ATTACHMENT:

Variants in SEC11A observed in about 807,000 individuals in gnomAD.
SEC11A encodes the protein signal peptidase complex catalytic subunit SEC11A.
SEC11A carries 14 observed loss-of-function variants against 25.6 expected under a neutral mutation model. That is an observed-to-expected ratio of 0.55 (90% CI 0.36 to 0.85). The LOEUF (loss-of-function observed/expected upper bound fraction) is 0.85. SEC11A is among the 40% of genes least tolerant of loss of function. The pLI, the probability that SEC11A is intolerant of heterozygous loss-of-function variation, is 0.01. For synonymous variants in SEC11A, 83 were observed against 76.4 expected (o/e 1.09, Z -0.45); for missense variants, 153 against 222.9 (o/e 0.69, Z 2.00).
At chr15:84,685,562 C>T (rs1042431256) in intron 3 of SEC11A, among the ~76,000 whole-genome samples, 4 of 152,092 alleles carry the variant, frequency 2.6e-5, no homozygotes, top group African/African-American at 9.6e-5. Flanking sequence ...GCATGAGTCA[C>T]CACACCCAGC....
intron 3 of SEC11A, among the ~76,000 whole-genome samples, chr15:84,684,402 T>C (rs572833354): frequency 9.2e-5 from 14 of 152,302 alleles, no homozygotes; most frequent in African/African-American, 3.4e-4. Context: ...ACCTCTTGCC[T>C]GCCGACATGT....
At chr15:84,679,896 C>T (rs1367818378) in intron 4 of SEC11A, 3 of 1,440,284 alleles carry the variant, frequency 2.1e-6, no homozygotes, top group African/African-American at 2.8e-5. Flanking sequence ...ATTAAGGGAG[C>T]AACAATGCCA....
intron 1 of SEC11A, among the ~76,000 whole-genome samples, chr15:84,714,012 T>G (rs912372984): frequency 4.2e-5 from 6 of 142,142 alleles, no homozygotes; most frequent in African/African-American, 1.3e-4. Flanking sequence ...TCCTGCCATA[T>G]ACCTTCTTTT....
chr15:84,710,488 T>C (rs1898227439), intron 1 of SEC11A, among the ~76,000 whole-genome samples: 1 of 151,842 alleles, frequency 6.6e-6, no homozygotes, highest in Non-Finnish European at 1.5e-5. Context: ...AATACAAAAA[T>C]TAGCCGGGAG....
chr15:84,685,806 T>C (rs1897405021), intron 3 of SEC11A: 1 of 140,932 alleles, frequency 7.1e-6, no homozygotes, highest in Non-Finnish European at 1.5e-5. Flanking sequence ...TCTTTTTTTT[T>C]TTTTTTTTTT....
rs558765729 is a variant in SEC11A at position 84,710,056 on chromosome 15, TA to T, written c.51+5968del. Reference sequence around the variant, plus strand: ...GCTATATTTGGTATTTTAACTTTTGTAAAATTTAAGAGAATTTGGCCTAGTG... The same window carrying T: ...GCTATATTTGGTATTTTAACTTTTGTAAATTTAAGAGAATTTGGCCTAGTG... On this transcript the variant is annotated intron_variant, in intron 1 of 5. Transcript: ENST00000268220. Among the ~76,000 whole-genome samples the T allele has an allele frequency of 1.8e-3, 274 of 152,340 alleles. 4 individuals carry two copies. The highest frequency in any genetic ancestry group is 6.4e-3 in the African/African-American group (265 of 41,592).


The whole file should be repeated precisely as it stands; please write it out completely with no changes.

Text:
Variants in SEC11A observed in about 807,000 individuals in gnomAD.
SEC11A encodes the protein signal peptidase complex catalytic subunit SEC11A.
SEC11A carries 14 observed loss-of-function variants against 25.6 expected under a neutral mutation model. That is an observed-to-expected ratio of 0.55 (90% CI 0.36 to 0.85). The LOEUF (loss-of-function observed/expected upper bound fraction) is 0.85. SEC11A is among the 40% of genes least tolerant of loss of function. The pLI, the probability that SEC11A is intolerant of heterozygous loss-of-function variation, is 0.01. For synonymous variants in SEC11A, 83 were observed against 76.4 expected (o/e 1.09, Z -0.45); for missense variants, 153 against 222.9 (o/e 0.69, Z 2.00).
At chr15:84,685,562 C>T (rs1042431256) in intron 3 of SEC11A, among the ~76,000 whole-genome samples, 4 of 152,092 alleles carry the variant, frequency 2.6e-5, no homozygotes, top group African/African-American at 9.6e-5. Flanking sequence ...GCATGAGTCA[C>T]CACACCCAGC....
intron 3 of SEC11A, among the ~76,000 whole-genome samples, chr15:84,684,402 T>C (rs572833354): frequency 9.2e-5 from 14 of 152,302 alleles, no homozygotes; most frequent in African/African-American, 3.4e-4. Context: ...ACCTCTTGCC[T>C]GCCGACATGT....
At chr15:84,679,896 C>T (rs1367818378) in intron 4 of SEC11A, 3 of 1,440,284 alleles carry the variant, frequency 2.1e-6, no homozygotes, top group African/African-American at 2.8e-5. Flanking sequence ...ATTAAGGGAG[C>T]AACAATGCCA....
intron 1 of SEC11A, among the ~76,000 whole-genome samples, chr15:84,714,012 T>G (rs912372984): frequency 4.2e-5 from 6 of 142,142 alleles, no homozygotes; most frequent in African/African-American, 1.3e-4. Flanking sequence ...TCCTGCCATA[T>G]ACCTTCTTTT....
chr15:84,710,488 T>C (rs1898227439), intron 1 of SEC11A, among the ~76,000 whole-genome samples: 1 of 151,842 alleles, frequency 6.6e-6, no homozygotes, highest in Non-Finnish European at 1.5e-5. Context: ...AATACAAAAA[T>C]TAGCCGGGAG....
chr15:84,685,806 T>C (rs1897405021), intron 3 of SEC11A: 1 of 140,932 alleles, frequency 7.1e-6, no homozygotes, highest in Non-Finnish European at 1.5e-5. Flanking sequence ...TCTTTTTTTT[T>C]TTTTTTTTTT....
rs558765729 is a variant in SEC11A at position 84,710,056 on chromosome 15, TA to T, written c.51+5968del. Reference sequence around the variant, plus strand: ...GCTATATTTGGTATTTTAACTTTTGTAAAATTTAAGAGAATTTGGCCTAGTG... The same window carrying T: ...GCTATATTTGGTATTTTAACTTTTGTAAATTTAAGAGAATTTGGCCTAGTG... On this transcript the variant is annotated intron_variant, in intron 1 of 5. Transcript: ENST00000268220. Among the ~76,000 whole-genome samples the T allele has an allele frequency of 1.8e-3, 274 of 152,340 alleles. 4 individuals carry two copies. The highest frequency in any genetic ancestry group is 6.4e-3 in the African/African-American group (265 of 41,592).